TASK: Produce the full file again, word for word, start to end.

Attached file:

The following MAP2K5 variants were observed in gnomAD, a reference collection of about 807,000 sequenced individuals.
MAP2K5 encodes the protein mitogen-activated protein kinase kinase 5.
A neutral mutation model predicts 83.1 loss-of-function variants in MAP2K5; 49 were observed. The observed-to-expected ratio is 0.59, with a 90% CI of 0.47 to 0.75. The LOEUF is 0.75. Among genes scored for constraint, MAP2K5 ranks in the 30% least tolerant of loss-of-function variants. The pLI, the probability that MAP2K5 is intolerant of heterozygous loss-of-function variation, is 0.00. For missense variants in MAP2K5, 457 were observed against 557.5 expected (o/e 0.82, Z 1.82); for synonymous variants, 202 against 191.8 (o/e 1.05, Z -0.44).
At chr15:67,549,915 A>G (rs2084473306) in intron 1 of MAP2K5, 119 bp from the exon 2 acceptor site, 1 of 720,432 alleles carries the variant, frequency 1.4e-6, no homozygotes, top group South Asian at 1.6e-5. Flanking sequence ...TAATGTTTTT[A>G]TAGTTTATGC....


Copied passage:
The following MAP2K5 variants were observed in gnomAD, a reference collection of about 807,000 sequenced individuals.
MAP2K5 encodes the protein mitogen-activated protein kinase kinase 5.
A neutral mutation model predicts 83.1 loss-of-function variants in MAP2K5; 49 were observed. The observed-to-expected ratio is 0.59, with a 90% CI of 0.47 to 0.75. The LOEUF is 0.75. Among genes scored for constraint, MAP2K5 ranks in the 30% least tolerant of loss-of-function variants. The pLI, the probability that MAP2K5 is intolerant of heterozygous loss-of-function variation, is 0.00. For missense variants in MAP2K5, 457 were observed against 557.5 expected (o/e 0.82, Z 1.82); for synonymous variants, 202 against 191.8 (o/e 1.05, Z -0.44).
At chr15:67,549,915 A>G (rs2084473306) in intron 1 of MAP2K5, 119 bp from the exon 2 acceptor site, 1 of 720,432 alleles carries the variant, frequency 1.4e-6, no homozygotes, top group South Asian at 1.6e-5. Flanking sequence ...TAATGTTTTT[A>G]TAGTTTATGC....